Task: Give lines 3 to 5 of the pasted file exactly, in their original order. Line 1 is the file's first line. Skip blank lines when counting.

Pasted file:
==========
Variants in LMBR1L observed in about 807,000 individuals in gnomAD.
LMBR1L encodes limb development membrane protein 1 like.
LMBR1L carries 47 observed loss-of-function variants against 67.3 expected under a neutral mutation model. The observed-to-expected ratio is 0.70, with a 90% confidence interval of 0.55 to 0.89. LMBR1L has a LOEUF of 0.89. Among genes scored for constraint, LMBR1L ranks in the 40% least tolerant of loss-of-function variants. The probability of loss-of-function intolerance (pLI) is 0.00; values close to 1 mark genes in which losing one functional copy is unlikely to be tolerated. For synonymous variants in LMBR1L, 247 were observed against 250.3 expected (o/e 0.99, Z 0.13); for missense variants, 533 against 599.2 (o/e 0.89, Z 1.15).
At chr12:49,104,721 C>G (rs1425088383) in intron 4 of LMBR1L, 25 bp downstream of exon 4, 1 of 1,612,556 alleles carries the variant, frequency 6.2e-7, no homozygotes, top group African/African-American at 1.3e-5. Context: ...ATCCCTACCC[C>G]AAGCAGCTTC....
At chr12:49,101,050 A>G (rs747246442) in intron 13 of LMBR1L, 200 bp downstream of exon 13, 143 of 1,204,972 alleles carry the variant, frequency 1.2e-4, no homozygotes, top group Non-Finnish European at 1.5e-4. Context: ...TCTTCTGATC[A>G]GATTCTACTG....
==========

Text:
LMBR1L carries 47 observed loss-of-function variants against 67.3 expected under a neutral mutation model. The observed-to-expected ratio is 0.70, with a 90% confidence interval of 0.55 to 0.89. LMBR1L has a LOEUF of 0.89. Among genes scored for constraint, LMBR1L ranks in the 40% least tolerant of loss-of-function variants. The probability of loss-of-function intolerance (pLI) is 0.00; values close to 1 mark genes in which losing one functional copy is unlikely to be tolerated. For synonymous variants in LMBR1L, 247 were observed against 250.3 expected (o/e 0.99, Z 0.13); for missense variants, 533 against 599.2 (o/e 0.89, Z 1.15).
At chr12:49,104,721 C>G (rs1425088383) in intron 4 of LMBR1L, 25 bp downstream of exon 4, 1 of 1,612,556 alleles carries the variant, frequency 6.2e-7, no homozygotes, top group African/African-American at 1.3e-5. Context: ...ATCCCTACCC[C>G]AAGCAGCTTC....
At chr12:49,101,050 A>G (rs747246442) in intron 13 of LMBR1L, 200 bp downstream of exon 13, 143 of 1,204,972 alleles carry the variant, frequency 1.2e-4, no homozygotes, top group Non-Finnish European at 1.5e-4. Context: ...TCTTCTGATC[A>G]GATTCTACTG....